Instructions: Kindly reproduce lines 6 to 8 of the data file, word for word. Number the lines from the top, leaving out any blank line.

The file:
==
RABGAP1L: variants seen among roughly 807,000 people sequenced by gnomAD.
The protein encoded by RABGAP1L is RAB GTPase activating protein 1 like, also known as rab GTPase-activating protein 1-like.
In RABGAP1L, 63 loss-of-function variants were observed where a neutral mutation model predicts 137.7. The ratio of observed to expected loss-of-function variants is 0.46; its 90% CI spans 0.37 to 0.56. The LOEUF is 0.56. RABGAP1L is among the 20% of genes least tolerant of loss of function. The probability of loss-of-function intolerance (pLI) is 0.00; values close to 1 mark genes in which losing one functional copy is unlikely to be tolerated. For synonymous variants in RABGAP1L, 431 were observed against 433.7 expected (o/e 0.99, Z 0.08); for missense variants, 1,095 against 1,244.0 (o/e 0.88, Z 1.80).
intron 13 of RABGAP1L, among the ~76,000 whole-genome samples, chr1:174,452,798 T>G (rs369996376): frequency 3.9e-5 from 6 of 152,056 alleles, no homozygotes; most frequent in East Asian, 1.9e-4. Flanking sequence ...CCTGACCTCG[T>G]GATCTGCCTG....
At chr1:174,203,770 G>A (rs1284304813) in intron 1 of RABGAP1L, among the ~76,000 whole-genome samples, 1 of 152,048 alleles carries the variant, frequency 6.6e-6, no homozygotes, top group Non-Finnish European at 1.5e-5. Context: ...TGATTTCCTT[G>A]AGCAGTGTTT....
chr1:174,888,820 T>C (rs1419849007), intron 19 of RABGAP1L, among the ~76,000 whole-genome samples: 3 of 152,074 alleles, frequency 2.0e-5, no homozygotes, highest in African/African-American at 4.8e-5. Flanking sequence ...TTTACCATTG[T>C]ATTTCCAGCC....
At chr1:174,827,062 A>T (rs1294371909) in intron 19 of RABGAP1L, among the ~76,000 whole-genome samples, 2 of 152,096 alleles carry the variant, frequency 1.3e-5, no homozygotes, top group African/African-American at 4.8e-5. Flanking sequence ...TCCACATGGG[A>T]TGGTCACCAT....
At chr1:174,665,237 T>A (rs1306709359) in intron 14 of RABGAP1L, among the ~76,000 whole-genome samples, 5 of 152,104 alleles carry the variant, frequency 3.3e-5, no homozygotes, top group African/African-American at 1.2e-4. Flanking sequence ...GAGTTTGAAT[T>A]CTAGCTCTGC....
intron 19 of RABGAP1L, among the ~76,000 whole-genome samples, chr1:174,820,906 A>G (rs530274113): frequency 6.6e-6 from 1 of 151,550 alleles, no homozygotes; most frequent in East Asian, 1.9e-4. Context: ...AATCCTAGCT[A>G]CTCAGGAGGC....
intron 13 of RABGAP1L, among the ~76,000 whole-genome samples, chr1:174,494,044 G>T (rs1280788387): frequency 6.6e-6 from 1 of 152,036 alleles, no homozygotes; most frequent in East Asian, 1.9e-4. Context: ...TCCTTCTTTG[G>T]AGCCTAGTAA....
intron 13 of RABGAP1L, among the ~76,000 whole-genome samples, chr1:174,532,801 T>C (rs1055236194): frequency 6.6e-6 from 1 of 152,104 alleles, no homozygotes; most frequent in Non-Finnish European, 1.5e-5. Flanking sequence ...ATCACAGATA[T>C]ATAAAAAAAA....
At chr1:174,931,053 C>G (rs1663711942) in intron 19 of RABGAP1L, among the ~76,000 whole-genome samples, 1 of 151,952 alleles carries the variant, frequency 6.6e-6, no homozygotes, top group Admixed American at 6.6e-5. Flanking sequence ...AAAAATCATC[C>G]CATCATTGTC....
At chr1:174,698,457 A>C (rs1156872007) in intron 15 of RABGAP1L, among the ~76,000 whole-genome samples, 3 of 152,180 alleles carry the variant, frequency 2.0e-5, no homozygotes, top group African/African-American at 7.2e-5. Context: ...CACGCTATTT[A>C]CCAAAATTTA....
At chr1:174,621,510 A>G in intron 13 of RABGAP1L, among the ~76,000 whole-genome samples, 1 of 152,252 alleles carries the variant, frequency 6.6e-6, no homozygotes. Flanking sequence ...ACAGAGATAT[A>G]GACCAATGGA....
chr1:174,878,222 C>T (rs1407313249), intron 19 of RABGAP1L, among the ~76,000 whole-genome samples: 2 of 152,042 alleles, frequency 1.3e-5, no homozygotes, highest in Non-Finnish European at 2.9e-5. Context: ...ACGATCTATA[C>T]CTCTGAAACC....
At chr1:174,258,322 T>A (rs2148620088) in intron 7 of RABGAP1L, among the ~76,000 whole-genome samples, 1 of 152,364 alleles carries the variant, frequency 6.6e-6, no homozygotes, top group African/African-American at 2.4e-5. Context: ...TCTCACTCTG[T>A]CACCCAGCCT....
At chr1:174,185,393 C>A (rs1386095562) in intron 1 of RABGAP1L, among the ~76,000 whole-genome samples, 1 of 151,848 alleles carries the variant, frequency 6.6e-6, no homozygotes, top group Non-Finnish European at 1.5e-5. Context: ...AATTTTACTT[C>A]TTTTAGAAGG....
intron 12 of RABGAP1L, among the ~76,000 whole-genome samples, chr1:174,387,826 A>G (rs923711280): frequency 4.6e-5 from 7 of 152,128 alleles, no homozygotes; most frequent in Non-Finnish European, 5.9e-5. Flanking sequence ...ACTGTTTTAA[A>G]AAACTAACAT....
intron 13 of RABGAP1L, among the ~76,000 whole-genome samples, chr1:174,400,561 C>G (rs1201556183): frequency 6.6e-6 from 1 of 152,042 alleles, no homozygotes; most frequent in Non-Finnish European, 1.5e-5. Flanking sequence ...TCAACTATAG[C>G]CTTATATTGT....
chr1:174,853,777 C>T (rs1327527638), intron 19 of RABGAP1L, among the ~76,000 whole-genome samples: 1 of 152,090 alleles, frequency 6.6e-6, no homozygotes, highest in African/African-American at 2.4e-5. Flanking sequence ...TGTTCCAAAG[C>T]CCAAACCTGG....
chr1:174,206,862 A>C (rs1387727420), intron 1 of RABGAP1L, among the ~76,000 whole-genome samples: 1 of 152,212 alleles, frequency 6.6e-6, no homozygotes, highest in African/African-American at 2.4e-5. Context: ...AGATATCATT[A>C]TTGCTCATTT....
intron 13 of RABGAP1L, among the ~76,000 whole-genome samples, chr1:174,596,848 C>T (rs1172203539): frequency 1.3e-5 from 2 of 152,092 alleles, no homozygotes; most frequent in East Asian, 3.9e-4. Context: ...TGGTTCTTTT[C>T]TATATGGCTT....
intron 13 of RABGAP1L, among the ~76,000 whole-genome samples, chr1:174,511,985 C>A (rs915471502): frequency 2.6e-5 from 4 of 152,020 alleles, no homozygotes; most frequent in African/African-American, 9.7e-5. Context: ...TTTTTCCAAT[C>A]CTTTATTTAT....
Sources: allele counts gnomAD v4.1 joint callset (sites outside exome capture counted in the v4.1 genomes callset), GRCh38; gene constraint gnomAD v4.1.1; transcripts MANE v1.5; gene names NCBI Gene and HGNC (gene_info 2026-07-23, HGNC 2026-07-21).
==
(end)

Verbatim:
chr1:174,888,820 T>C (rs1419849007), intron 19 of RABGAP1L, among the ~76,000 whole-genome samples: 3 of 152,074 alleles, frequency 2.0e-5, no homozygotes, highest in African/African-American at 4.8e-5. Flanking sequence ...TTTACCATTG[T>C]ATTTCCAGCC....
At chr1:174,827,062 A>T (rs1294371909) in intron 19 of RABGAP1L, among the ~76,000 whole-genome samples, 2 of 152,096 alleles carry the variant, frequency 1.3e-5, no homozygotes, top group African/African-American at 4.8e-5. Flanking sequence ...TCCACATGGG[A>T]TGGTCACCAT....
At chr1:174,665,237 T>A (rs1306709359) in intron 14 of RABGAP1L, among the ~76,000 whole-genome samples, 5 of 152,104 alleles carry the variant, frequency 3.3e-5, no homozygotes, top group African/African-American at 1.2e-4. Flanking sequence ...GAGTTTGAAT[T>A]CTAGCTCTGC....